Slovak tennis team hardens game for Sydney in US

Although the 2000 Sydney Olympics tennis competitions will host a formidable collection of the world's elite, members of the Slovak contingent say that they will not be intimidated, and add that they have as good a shot at gold as anyone else.
"I've got the experience to go there and get that medal," said Slovakia's top tennis player, Karol Kučera, when asked of his chances by The Slovak Spectator on August 15. That day, as if backing up his words, he continued his recent hot spell when he roundly defeated Paul Harshanyi in the first round of the ATP Masters Tournament in Washington DC, 6:1, 6:0.
Kučera also participated in the 1996 Atlanta Games, and has since maintained his spot as the country's top player, once holding the sixth spot in the ATP rankings. He has struggled this year, however, and has seen his ranking fall out of the top 25.


Karina Habšudová
photo: TASR

Although the 2000 Sydney Olympics tennis competitions will host a formidable collection of the world's elite, members of the Slovak contingent say that they will not be intimidated, and add that they have as good a shot at gold as anyone else.

"I've got the experience to go there and get that medal," said Slovakia's top tennis player, Karol Kučera, when asked of his chances by The Slovak Spectator on August 15. That day, as if backing up his words, he continued his recent hot spell when he roundly defeated Paul Harshanyi in the first round of the ATP Masters Tournament in Washington DC, 6:1, 6:0.

Kučera also participated in the 1996 Atlanta Games, and has since maintained his spot as the country's top player, once holding the sixth spot in the ATP rankings. He has struggled this year, however, and has seen his ranking fall out of the top 25.

"My results this year were weak," he admitted. "I beat Agassi in the French Open, but then I got tough opponents in every tournament thereafter, and I failed at the very beginning of each. But I have been focusing on the Olympics and my play has really picked up lately. As the Olympics draws closer, each match has a higher level of intensity."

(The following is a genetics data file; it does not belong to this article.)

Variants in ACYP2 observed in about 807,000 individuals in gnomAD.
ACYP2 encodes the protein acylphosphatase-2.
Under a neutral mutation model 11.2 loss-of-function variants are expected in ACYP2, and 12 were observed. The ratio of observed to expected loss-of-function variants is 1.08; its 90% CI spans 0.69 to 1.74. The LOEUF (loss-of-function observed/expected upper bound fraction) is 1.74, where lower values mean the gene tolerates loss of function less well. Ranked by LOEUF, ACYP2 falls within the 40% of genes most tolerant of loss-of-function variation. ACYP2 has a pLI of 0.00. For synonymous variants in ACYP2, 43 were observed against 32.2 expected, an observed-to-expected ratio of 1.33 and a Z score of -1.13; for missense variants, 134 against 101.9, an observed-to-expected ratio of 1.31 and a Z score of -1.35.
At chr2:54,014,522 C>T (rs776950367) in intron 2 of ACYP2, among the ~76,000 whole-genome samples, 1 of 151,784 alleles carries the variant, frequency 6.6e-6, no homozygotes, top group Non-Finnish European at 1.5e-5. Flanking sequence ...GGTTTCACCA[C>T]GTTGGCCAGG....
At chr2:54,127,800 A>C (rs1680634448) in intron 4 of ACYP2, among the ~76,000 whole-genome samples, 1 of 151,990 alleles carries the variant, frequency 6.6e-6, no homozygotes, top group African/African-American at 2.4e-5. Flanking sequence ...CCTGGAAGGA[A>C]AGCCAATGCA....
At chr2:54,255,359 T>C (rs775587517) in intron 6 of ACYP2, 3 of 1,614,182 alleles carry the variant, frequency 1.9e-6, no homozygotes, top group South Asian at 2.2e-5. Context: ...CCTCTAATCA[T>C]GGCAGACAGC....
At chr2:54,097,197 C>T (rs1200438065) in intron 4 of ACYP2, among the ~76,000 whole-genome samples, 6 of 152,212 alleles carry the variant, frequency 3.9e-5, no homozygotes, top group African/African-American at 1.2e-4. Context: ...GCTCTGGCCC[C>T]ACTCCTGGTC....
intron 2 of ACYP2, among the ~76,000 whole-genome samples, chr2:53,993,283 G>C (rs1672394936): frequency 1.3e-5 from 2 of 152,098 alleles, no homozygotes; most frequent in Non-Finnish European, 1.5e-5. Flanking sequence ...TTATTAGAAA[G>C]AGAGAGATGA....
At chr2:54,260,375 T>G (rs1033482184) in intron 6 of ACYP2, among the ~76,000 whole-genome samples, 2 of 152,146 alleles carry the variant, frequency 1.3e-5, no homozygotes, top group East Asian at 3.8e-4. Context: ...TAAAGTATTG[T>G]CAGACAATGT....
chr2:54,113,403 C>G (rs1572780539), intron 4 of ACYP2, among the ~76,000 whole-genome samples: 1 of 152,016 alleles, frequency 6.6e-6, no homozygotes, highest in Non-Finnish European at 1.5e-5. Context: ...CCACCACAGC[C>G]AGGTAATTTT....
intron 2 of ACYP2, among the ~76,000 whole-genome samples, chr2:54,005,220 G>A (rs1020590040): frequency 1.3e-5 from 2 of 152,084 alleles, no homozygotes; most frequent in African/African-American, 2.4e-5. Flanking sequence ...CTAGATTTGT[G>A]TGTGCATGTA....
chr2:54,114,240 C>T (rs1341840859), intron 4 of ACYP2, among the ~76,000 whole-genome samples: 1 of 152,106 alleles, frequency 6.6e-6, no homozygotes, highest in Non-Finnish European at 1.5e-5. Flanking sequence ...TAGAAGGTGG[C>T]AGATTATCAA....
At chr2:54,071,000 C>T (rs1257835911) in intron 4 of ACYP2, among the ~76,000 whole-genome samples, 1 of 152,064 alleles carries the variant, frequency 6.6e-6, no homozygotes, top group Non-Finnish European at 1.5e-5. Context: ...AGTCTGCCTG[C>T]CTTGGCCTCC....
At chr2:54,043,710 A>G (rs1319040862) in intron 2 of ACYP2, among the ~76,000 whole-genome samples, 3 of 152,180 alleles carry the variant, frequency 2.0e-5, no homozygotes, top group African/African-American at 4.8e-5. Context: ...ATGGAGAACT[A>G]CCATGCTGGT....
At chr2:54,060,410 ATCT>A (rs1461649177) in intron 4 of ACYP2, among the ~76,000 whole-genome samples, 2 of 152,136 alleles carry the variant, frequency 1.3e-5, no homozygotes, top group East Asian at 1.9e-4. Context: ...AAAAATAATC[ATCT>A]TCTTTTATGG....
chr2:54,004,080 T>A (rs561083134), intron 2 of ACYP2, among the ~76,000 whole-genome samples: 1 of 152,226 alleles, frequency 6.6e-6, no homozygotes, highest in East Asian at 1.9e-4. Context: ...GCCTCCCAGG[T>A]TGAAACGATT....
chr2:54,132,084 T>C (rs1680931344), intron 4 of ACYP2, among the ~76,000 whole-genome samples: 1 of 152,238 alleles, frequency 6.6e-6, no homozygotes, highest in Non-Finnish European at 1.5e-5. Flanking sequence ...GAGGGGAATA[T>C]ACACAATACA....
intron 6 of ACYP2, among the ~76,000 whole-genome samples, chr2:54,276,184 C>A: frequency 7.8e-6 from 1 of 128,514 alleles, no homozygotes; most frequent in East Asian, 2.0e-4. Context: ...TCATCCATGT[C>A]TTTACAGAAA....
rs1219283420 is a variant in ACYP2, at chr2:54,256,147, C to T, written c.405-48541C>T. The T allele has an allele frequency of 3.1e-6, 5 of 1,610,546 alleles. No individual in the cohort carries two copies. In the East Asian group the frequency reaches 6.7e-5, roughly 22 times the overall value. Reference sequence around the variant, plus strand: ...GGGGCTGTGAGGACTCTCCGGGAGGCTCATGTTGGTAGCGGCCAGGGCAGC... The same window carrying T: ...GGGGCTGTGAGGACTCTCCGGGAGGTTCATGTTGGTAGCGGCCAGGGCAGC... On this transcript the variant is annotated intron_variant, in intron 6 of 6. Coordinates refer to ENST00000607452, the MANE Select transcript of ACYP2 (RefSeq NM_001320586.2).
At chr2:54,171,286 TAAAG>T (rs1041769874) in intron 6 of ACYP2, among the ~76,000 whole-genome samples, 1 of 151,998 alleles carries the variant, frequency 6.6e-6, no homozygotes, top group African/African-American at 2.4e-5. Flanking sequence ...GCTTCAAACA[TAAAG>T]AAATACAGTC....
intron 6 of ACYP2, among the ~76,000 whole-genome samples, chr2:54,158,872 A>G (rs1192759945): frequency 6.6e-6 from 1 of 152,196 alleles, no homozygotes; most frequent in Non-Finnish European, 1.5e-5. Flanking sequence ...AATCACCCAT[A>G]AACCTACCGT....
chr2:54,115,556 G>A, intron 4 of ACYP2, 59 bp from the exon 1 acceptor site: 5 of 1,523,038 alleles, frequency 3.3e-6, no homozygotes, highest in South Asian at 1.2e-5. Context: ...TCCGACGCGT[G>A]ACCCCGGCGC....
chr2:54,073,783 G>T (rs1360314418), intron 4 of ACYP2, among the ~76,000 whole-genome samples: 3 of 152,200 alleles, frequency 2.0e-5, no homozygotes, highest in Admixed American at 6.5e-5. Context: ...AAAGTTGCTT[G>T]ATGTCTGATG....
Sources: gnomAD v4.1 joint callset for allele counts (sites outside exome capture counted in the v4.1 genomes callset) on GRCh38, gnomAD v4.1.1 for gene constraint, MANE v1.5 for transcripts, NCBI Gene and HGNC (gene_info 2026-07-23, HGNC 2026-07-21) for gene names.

The Slovak national tennis team consists of five players. Coached by Miloš Mečíř (who won gold in Seoul in 1988) and Peter Vajda, the team includes Dominík Hrbatý, Karina Habšudová, Janette Husárová and Henrieta Nagyová.

Kučera and Hrbaty will vie for medals in both the singles and doubles competitions. For the ladies, Habšudová will also compete in singles and doubles, while Nagyová will be limited to singles and Husárová to doubles (teamed up with Habšudová).


Karol Kučera
photo: TASR

Habšudová (27) has also been toted as a potential winner in Sydney. Widely regarded as the country's top female player, she has also found success in mixed doubles: she and Kučera won the Hopman Cup for Slovakia in Perth, Australia in 1998.

"It was the relaxed atmosphere, and just the fun of playing together that helped us win," Kučera said, adding that Habšudová's excellent play had also contributed to the victory.

But the atmosphere at the Olympics promises to be more intense. And according to the players and coaches, the Slovaks will have to overcome two obstacles on the way to the victory podium: parity among the players, and the playing surface.

The field is strong top to bottom, they agreed, but the eventual victor could be aided by the lottery which determines seedings and, therefore, competitors. Vladimír Habas, coach at the Slovenský Zväz Tenisu (Slovak Tennis Union), said that the winner would likely be a player who was given an easier schedule. "The chances for winning are very difficult to predict because there is so much parity among the players," he said. "Everybody has a realistic shot at winning a medal."

The other concern is that Slovaks traditionally do not excel on the hard courts which will host the matches Down Under. Slovaks, who typically prefer clay, have therefore been touring the US and its hard courts in hopes of better preparing for the Games. "They have had to focus more on hard courts, because this is not their best surface," said Peter Vajda, one of the women's coaches.

But obstacles aside, Kučera said he greatly appreciated the opportunity to represent his country. "If I win a medal, many people will be happy," he said. "In Slovakia, tennis is a popular sport and its fans expect good results, especially during the Olympics. But I am proud to represent Slovakia - I will try hard not to disappoint my country."


Dominik Hrbatý
photo: TASR

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